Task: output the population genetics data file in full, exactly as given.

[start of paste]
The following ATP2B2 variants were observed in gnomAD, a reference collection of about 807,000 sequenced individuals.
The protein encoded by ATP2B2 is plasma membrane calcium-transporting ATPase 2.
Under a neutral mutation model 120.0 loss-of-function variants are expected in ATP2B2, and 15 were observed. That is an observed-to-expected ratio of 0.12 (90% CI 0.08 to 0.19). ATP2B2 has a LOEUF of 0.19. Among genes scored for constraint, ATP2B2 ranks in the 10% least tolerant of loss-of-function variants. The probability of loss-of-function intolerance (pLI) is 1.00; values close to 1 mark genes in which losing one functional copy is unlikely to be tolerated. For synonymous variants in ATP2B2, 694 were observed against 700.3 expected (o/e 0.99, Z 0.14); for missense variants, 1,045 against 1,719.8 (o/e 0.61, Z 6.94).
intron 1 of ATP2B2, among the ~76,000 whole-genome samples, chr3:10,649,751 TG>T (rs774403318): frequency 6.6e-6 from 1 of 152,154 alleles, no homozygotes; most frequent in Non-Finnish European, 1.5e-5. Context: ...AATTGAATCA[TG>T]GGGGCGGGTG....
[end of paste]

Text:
The following ATP2B2 variants were observed in gnomAD, a reference collection of about 807,000 sequenced individuals.
The protein encoded by ATP2B2 is plasma membrane calcium-transporting ATPase 2.
Under a neutral mutation model 120.0 loss-of-function variants are expected in ATP2B2, and 15 were observed. That is an observed-to-expected ratio of 0.12 (90% CI 0.08 to 0.19). ATP2B2 has a LOEUF of 0.19. Among genes scored for constraint, ATP2B2 ranks in the 10% least tolerant of loss-of-function variants. The probability of loss-of-function intolerance (pLI) is 1.00; values close to 1 mark genes in which losing one functional copy is unlikely to be tolerated. For synonymous variants in ATP2B2, 694 were observed against 700.3 expected (o/e 0.99, Z 0.14); for missense variants, 1,045 against 1,719.8 (o/e 0.61, Z 6.94).
intron 1 of ATP2B2, among the ~76,000 whole-genome samples, chr3:10,649,751 TG>T (rs774403318): frequency 6.6e-6 from 1 of 152,154 alleles, no homozygotes; most frequent in Non-Finnish European, 1.5e-5. Context: ...AATTGAATCA[TG>T]GGGGCGGGTG....